Richard Osley, Camden New Journal
When you analyse Tim Stoppard’s clever circular farce Rough Crossing you realise how little actually happens. You see how this yarn of two pompous playwrights playing Cupid on an ocean liner sends you dizzy, spinning round and round in circles.
But herein lies the ingenuity of the script, spoofing the rum fun of Noel Coward’s comedies and 1930s slapstick with craft and skill. A wordsmith’s dream, the laughs are drawn out by incisive wordplay and cutesy puns.
Harry Meacher leads the way as scheming Sandor Turai with an expert attention to detail. Full of incredulous looks and hilarious indignation, his performance is a genuine delight.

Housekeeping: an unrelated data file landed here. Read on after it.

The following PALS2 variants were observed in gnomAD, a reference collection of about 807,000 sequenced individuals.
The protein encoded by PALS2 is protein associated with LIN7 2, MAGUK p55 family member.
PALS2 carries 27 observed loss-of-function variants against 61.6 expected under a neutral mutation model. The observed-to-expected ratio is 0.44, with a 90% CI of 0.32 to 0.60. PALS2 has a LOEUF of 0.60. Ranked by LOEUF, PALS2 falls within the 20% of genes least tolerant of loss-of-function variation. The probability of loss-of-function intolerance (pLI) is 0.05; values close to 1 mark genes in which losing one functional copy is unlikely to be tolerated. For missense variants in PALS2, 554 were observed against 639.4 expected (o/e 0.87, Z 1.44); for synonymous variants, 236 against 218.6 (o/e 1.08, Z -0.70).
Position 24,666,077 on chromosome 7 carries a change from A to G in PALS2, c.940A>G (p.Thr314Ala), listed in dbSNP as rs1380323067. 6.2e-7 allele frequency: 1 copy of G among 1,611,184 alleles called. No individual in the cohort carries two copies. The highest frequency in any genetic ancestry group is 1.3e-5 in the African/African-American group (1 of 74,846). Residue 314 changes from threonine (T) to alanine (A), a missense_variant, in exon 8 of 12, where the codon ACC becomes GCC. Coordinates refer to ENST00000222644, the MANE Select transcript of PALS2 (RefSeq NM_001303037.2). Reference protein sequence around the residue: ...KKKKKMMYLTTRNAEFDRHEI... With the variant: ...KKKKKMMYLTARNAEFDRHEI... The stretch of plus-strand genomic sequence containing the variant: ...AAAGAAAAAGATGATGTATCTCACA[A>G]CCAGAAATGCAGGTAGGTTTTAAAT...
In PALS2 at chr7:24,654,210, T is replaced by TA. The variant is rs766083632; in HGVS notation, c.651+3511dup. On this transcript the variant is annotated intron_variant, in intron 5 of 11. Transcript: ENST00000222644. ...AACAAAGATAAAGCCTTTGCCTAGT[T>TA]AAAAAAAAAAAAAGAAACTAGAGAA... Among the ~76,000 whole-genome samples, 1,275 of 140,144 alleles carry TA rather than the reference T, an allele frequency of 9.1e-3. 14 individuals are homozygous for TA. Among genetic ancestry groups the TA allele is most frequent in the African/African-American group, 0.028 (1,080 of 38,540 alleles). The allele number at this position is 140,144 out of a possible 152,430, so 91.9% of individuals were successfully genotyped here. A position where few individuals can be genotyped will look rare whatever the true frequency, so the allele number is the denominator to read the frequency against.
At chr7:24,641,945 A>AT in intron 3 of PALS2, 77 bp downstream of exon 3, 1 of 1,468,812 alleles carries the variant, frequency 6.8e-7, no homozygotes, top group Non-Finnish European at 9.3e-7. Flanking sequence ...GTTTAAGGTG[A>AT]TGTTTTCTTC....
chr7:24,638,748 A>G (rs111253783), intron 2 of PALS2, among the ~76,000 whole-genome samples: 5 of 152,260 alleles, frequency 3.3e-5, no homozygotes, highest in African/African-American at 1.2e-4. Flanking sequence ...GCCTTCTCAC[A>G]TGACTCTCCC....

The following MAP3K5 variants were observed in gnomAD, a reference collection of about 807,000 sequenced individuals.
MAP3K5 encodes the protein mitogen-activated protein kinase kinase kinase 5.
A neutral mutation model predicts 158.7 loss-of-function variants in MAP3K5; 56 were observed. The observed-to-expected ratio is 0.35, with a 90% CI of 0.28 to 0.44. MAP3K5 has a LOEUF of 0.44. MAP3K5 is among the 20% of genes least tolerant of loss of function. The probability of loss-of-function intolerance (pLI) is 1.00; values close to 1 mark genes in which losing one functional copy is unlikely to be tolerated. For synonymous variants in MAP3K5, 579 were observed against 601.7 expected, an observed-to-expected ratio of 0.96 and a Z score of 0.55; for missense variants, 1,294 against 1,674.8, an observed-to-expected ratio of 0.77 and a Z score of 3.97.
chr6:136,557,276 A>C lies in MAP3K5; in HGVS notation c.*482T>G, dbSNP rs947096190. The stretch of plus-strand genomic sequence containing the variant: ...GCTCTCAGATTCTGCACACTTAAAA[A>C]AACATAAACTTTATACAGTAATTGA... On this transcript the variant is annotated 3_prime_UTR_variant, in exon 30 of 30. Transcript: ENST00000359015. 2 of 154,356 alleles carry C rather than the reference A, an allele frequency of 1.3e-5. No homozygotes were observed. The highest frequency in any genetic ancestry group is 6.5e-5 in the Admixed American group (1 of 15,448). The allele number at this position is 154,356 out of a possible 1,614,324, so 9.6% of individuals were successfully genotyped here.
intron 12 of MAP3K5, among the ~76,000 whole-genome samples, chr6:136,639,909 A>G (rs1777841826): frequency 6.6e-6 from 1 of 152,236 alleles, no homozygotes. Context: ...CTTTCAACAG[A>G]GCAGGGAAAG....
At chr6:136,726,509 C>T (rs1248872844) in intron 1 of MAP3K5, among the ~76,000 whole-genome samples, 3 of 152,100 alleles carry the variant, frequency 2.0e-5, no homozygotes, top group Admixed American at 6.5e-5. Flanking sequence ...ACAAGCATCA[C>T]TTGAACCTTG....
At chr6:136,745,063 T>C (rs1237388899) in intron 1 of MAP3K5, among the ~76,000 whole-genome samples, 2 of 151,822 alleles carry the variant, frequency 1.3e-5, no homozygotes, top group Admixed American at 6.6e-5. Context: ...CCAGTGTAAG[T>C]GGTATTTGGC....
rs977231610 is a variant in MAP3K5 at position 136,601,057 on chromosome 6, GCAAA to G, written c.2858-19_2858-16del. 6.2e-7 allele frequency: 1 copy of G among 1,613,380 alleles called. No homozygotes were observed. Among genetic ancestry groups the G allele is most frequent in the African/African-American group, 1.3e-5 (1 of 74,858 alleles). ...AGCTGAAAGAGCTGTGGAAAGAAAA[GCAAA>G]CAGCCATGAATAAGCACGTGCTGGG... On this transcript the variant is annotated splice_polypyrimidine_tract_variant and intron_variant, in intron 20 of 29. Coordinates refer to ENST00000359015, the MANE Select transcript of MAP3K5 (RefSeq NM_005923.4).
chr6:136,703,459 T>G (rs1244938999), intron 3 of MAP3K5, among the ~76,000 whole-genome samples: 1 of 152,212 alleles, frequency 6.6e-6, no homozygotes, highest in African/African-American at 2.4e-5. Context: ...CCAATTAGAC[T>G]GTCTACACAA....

Meacher is supported up by an exemplary cast, never out of their depth tackling these cognac soaked fools.
Peter Stenson deserves praise for his performance as Turai’s scoffing sidekick Alex Gal, while Rainer Wiseman makes much mirth from his less than steady ship’s steward.
And Keith Drinkel is perfect as the bumbling melodramatic Ivor Fish, the source of most of the mishaps aboard the luxury liner.
Nicola Goodchild had me on side when I read the sarcastic note in her programme notes: “TV roles do not include The Bill”. Her performance wasn’t bad either with lashings of melodrama as the ridiculous Natasha Navratilova.
The promise of musical numbers is eventually fulfilled but, given that the cast seemed more than comfortable with this sing-a-long fare, a few more would have provided some relief from the frothy wordplay.
Accordingly some of the extended exchanges, while cleverly devised, become a little tiresome.